Electric Warrior (A&M 1971)
I was dancin' when I was twelve . . .
---Marc Bolan, "Cosmic Dancer"
Well, so was I. And T. Rex was one of the reasons.
It is easy to be enamoured by the Marc Bolan story that has been weaved by journalists for the 35 years since his death in an automobile accident on a southwest London street in 1977: Mod to psychedelic to Nancy boy to glam rocker to failed substance abuser.
But in 1971, Bolan had one goal in mind: conquer the American charts. His gambit was to update and use the skills of past masters that he had admired since his teenage years: the straight ahead rock and roll beat of idols Gene Vincent, Eddie Cochran, Bo Diddley and Chuck Berry. And the simple strategem of Elvis Presley: sex sells.
The initial salvo by his band T. Rex was the summertime smash single "Get It On (Bang A Gong)." The muscular three chord monty wove circles around this young listener; backed by a driving sax and anthemic chorus, Bolan purred You got a hubcapped, diamond starred halo/You're dirty, sweet and you're my girl. What else did a 12 year old boy in Midwest America need in order to feel a semblance of rebelliousness?
So, "meanwhile," as Bolan sang on the fadeout of that number 1 tune, "I'm still thinking," so were The Night Owl and a buddy of his, riding endlessly around the neighborhood on two-wheeelers with banana seats and high handle bars. More specifically, where did this T. Rex come from and where to find more of the same?
The answer came in September with the release of the long-player Electric Warrior. My friend knew a guy from the public school whose brother had secured a copy of the album. It was smuggled out of the older sibling's room and shuttled over to my parents' hi-fi. Fortuitously, I had a new portable AM/FM radio with built in cassette player. Most importantly, that cassette player had a glorious key: RECORD. Although the best sound would come from recording directly off the radio via a blank tape, I had convinced my father to buy me a cheap microphone that I could plug into the side jack on the contraption.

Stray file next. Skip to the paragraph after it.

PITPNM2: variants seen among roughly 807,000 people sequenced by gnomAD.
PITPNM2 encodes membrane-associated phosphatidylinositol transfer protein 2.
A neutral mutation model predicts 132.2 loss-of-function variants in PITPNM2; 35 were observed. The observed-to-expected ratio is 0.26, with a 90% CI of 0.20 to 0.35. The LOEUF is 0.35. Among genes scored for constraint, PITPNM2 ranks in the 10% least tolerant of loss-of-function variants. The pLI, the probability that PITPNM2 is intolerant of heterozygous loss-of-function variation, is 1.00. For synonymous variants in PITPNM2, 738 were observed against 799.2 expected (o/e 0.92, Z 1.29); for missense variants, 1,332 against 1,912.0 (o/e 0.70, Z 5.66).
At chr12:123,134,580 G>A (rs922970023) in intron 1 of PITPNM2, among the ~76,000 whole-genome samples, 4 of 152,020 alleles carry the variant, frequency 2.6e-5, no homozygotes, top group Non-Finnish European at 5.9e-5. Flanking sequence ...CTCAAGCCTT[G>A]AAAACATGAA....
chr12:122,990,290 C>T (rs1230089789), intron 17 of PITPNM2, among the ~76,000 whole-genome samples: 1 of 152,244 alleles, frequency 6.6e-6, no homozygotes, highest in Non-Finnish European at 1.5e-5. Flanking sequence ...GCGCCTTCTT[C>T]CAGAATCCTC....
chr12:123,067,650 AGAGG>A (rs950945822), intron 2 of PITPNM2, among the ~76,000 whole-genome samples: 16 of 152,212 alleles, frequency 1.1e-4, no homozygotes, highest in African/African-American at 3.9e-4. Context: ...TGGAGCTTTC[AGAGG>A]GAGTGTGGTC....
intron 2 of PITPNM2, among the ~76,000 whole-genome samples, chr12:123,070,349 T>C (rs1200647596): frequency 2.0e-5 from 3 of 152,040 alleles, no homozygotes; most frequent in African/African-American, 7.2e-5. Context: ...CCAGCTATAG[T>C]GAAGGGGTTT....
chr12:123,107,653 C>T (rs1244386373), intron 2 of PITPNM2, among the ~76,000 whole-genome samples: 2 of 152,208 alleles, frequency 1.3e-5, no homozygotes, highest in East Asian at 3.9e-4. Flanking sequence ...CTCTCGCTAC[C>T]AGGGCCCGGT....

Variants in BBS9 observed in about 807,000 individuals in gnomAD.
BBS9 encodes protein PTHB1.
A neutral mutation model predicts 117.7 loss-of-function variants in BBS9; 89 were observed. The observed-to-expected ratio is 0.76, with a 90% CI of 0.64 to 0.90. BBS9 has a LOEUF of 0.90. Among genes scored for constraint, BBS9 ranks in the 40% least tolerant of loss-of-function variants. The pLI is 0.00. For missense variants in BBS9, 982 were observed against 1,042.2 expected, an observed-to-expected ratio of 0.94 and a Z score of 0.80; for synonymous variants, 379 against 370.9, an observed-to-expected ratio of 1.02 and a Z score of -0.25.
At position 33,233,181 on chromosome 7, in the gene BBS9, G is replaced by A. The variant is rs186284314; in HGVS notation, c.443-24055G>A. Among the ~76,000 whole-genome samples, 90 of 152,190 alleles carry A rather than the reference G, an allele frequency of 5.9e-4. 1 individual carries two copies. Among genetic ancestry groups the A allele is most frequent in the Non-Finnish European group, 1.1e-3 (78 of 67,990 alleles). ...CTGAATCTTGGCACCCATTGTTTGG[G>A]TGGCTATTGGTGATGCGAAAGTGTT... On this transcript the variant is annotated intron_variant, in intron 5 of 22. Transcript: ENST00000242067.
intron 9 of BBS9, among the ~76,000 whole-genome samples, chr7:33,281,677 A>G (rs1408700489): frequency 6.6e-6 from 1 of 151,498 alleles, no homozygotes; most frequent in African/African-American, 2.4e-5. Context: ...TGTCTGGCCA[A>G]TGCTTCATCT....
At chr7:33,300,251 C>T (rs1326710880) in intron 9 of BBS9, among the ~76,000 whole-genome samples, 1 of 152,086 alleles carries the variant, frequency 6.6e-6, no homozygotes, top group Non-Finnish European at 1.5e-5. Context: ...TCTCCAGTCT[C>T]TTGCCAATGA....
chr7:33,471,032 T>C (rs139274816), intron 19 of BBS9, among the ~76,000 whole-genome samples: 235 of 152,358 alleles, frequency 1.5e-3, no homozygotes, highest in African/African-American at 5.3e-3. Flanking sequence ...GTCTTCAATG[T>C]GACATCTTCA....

Strategically placing the microphone between the two speakers, and flipping the switch to "on," thus was born one of the worst recordings of Electric Warrior in the annals of bootlegging rock and roll.
But it was my copy. And I literally wore that cheap Memorex tape out. That slowed down Bo Diddley chug-a-lug of the opening cut "Mambo Sun" set the stage for a record of get up off your seat and turn-it-up. "Jeepster" - a cut likening his girl to a Jaguar - and "Rip Off" breezed with the driving, carefree rhythm of the young who naturally believe themselves to be immortal. Even the slower ones had a measure of cool to them: the count-off of "Lean Woman Blues" (One . . . Two . . . Buckle my shoe!) and swagger of "Life's A Gas" (It really doesn't matter at all/Life's a gas/I hope it's gonna last).
Lester Bangs said something to the effect that "what they tried to do with David Bowie was create another Marc Bolan." Like alot of his musings, I leave it to disciples like Jim DeRogatis to draw back the covers on a statement like that. But to me, Electric Warrior was the type of album that Bangs probably admired; because true rock and roll chooses you, whether it's in your car or alone in your room listening on your headphones. And this album is always gloriously decadent and one you can turn up. And really, can you expect much more?